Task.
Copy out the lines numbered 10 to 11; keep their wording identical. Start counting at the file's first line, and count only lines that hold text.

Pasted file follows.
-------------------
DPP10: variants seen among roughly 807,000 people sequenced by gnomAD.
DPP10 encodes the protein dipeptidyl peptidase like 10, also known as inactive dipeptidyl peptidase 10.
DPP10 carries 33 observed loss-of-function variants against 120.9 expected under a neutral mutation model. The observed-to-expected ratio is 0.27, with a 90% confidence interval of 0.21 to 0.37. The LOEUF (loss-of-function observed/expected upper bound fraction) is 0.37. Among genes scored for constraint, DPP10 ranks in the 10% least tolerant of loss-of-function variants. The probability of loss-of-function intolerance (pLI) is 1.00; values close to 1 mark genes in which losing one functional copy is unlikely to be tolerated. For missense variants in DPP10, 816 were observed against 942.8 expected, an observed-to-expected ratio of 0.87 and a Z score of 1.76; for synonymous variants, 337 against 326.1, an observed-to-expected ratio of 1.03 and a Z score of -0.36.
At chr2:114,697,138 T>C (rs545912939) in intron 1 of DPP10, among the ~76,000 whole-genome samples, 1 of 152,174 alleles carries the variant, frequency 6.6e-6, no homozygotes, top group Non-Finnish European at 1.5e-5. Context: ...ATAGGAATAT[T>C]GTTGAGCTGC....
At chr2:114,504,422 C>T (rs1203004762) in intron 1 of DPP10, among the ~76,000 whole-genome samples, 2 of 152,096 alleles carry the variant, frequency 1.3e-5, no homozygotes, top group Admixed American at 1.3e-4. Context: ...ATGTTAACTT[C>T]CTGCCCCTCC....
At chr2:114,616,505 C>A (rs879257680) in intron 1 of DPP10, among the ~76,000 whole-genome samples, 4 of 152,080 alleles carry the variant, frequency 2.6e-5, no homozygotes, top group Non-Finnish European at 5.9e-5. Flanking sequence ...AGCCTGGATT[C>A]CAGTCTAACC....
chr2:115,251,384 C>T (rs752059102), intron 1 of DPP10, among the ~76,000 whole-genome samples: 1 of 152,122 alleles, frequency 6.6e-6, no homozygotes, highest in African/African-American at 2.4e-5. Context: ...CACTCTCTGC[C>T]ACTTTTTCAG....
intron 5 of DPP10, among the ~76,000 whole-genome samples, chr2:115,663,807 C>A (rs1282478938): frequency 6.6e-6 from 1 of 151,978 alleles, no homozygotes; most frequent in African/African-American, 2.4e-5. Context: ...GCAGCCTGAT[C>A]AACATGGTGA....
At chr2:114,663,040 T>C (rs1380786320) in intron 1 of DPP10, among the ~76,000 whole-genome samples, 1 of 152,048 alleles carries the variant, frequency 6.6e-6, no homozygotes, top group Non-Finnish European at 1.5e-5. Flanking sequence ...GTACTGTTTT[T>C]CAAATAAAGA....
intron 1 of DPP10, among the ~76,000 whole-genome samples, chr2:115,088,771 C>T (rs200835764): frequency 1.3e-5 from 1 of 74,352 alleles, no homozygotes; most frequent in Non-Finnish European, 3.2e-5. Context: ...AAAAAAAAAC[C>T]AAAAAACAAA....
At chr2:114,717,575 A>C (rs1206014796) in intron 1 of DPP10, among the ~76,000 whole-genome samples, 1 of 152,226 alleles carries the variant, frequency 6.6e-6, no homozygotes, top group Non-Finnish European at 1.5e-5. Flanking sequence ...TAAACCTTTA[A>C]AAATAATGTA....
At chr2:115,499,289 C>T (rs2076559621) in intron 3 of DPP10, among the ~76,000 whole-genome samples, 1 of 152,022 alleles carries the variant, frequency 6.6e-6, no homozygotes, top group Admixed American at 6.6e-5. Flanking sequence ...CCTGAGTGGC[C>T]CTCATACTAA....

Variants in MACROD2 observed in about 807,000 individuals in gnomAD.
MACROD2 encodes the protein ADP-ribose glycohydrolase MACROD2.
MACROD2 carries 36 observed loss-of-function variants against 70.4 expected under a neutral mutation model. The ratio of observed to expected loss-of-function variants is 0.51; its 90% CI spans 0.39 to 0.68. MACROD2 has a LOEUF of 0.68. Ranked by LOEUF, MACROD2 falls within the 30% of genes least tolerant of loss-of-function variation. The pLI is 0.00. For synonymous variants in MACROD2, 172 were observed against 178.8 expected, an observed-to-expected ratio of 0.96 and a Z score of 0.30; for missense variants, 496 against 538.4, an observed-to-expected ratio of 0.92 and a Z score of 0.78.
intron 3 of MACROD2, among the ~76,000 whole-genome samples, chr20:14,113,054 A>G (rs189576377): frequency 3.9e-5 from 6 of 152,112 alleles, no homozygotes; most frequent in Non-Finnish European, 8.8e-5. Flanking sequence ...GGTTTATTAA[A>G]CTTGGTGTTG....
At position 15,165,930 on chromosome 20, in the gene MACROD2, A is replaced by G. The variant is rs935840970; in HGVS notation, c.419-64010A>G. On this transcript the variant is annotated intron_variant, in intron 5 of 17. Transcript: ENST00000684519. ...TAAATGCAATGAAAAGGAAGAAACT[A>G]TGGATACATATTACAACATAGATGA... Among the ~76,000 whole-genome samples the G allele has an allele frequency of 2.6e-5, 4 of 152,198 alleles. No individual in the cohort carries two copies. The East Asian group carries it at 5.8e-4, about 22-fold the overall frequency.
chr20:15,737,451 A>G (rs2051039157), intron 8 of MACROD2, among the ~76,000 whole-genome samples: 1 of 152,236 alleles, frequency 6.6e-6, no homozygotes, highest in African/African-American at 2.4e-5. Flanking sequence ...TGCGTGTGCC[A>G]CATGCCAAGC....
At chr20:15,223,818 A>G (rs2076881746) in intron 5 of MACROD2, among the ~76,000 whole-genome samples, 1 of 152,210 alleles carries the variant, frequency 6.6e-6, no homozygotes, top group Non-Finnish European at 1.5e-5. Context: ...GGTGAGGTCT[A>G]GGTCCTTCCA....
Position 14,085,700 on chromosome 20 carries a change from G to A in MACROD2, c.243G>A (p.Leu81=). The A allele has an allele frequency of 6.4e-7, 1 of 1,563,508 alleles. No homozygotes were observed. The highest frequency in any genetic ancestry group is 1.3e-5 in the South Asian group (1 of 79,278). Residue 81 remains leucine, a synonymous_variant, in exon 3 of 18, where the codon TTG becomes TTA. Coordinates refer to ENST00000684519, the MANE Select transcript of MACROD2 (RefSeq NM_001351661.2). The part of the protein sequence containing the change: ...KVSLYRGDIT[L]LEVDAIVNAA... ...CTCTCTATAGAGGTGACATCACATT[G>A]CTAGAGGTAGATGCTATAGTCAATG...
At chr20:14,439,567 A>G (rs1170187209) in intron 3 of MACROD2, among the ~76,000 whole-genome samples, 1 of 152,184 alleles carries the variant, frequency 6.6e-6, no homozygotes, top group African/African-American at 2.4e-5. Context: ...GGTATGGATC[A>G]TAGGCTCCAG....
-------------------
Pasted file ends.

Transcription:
intron 1 of DPP10, among the ~76,000 whole-genome samples, chr2:115,088,771 C>T (rs200835764): frequency 1.3e-5 from 1 of 74,352 alleles, no homozygotes; most frequent in Non-Finnish European, 3.2e-5. Context: ...AAAAAAAAAC[C>T]AAAAAACAAA....
At chr2:114,717,575 A>C (rs1206014796) in intron 1 of DPP10, among the ~76,000 whole-genome samples, 1 of 152,226 alleles carries the variant, frequency 6.6e-6, no homozygotes, top group Non-Finnish European at 1.5e-5. Flanking sequence ...TAAACCTTTA[A>C]AAATAATGTA....